Over the years I have deepened my understanding of the human experience and improved my skills as a therapist by listening closely to clients. Recently, while conducting a workshop on coping with the emotional turmoil of unemployment, a participant offered a great suggestion to the group. When her children were young, she sometimes felt housebound. She started volunteering to get out of the house and connect with people, as well as make a social contribution.
Once she returned to work she was too busy to continue volunteering. Unfortunately, because of the downturn in the economy she found herself unemployed and spending hours everyday looking for another position. After a few months, she started to feel socially isolated. Remembering the sense of community she got from volunteering years earlier, she decided to try her hand at it once again.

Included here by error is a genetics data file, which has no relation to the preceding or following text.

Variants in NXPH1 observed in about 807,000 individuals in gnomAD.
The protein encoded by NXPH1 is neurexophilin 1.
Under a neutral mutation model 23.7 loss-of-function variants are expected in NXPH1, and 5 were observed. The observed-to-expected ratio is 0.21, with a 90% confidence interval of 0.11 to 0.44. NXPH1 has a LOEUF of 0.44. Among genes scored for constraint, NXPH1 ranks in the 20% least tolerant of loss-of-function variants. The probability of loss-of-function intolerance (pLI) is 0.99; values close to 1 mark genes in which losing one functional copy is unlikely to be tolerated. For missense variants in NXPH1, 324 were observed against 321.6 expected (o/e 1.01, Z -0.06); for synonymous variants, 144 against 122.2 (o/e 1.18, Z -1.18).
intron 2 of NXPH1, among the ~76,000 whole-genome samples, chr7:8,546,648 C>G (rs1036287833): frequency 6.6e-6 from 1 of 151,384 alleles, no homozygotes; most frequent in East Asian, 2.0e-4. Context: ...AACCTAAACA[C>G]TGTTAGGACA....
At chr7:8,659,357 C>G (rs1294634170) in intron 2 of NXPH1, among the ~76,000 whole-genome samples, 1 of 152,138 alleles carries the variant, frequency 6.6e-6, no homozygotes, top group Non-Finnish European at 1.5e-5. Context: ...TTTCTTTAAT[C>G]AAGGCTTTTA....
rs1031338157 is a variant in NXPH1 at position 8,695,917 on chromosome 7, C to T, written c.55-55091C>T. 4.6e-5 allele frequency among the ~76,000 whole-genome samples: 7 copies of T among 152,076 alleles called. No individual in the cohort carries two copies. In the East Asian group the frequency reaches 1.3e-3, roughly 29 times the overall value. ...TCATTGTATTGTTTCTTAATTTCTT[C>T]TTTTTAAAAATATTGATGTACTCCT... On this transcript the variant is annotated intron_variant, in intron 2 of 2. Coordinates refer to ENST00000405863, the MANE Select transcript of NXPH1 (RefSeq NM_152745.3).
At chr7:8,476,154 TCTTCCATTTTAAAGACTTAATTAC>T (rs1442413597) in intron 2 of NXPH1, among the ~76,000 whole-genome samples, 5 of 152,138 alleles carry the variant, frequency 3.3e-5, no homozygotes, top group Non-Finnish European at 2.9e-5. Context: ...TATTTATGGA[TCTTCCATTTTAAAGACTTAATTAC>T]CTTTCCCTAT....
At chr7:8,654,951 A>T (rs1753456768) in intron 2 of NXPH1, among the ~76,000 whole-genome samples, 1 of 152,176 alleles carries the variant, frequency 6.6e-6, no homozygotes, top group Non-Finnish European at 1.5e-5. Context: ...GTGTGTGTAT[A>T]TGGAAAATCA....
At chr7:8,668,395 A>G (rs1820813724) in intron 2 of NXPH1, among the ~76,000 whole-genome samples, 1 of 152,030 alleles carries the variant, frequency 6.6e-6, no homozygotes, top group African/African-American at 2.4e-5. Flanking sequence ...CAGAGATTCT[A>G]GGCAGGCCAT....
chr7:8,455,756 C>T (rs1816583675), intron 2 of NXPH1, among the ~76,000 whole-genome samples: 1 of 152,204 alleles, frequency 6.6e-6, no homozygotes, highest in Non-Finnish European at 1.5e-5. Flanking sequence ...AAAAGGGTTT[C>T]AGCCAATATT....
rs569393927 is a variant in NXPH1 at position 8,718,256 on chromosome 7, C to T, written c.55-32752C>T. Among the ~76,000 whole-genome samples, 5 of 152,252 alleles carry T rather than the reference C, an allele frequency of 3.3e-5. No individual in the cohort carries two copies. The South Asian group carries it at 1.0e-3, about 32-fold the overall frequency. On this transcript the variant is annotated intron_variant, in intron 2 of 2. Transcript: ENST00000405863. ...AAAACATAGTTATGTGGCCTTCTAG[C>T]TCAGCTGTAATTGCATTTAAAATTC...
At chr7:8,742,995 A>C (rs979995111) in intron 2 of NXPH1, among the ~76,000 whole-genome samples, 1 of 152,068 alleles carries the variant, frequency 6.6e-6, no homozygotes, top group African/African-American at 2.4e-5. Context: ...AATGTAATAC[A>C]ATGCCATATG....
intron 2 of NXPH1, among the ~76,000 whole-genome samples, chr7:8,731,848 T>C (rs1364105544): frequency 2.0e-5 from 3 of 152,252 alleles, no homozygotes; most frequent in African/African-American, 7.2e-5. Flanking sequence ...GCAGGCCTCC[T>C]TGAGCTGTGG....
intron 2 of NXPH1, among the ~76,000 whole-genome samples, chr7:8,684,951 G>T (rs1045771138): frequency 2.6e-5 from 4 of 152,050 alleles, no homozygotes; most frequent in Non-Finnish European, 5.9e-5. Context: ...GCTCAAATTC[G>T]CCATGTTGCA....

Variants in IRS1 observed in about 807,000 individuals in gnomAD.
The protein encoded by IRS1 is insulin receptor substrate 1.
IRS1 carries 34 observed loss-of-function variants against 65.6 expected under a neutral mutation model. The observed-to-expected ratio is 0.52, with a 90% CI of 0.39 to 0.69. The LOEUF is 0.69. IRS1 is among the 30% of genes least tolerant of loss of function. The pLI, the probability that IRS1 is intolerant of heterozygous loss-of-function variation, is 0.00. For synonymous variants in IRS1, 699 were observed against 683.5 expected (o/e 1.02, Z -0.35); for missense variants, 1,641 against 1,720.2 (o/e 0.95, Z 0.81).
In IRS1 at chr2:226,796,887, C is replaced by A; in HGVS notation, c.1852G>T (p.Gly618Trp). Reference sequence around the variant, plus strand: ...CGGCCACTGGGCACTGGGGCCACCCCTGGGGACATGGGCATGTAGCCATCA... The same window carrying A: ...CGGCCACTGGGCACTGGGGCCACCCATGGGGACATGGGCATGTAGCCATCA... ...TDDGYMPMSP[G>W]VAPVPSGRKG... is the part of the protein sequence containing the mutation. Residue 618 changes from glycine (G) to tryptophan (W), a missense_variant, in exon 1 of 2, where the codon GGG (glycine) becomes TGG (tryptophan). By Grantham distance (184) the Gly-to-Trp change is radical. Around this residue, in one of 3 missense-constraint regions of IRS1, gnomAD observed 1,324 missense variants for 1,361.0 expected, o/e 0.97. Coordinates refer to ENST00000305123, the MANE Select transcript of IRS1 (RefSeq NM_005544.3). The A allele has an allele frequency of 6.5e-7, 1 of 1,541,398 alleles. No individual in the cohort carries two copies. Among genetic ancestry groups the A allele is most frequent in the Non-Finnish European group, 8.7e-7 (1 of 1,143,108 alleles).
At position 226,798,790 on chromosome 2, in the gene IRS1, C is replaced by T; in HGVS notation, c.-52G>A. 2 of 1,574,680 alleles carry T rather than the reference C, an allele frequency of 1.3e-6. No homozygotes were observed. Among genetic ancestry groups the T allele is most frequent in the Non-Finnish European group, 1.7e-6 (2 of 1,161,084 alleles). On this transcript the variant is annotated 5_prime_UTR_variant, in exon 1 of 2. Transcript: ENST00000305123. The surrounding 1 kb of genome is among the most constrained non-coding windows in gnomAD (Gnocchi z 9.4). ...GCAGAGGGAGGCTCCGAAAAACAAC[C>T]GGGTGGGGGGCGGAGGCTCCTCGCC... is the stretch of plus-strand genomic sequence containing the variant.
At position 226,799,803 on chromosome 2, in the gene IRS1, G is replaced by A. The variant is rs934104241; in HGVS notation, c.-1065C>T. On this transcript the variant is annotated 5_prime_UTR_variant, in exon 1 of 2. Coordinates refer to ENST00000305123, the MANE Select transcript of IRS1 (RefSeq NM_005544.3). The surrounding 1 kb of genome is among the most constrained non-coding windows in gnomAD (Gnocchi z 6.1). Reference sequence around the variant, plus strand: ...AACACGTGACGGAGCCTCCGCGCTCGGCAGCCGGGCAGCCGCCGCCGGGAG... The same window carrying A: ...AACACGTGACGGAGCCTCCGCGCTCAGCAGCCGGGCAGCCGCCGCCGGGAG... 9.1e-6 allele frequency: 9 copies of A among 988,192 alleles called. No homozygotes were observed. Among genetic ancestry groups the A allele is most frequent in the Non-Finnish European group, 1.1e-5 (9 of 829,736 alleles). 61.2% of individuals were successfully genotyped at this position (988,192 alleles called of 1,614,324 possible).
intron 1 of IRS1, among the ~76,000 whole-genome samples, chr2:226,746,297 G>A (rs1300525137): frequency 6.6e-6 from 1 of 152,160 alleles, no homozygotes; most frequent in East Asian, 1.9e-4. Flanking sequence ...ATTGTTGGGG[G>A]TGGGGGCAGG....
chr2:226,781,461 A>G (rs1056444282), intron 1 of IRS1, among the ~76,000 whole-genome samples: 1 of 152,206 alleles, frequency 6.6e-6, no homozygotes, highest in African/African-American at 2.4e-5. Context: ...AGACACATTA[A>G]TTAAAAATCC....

It worked. She looked forward to working with other people and helping the less fortunate. Her motivation improved as well as her sense of self worth. As a result, she encouraged other members of the group to volunteer. When we met as a group a week later, she had inspired four other people to take on volunteer positions. One person reported that she was learning new computer skills. Someone in another workshop was hoping the skills she was gaining volunteering at an animal shelter would lead to a job at a privately owned dog kennel.
Our society is richer and more humane because of millions of volunteers across the country. For those seeking jobs, it not only enriches their lives but also adds to their resume. It shows perspective employers that you have a cooperative, sociable nature and are willing to give generously of yourself to support a greater cause. It helps answer the question “What have you been doing while unemployed?” Interestingly, a recent blog post on Ivyexec.com reported that 20% of hiring managers relied on volunteering as part of their hiring decisions.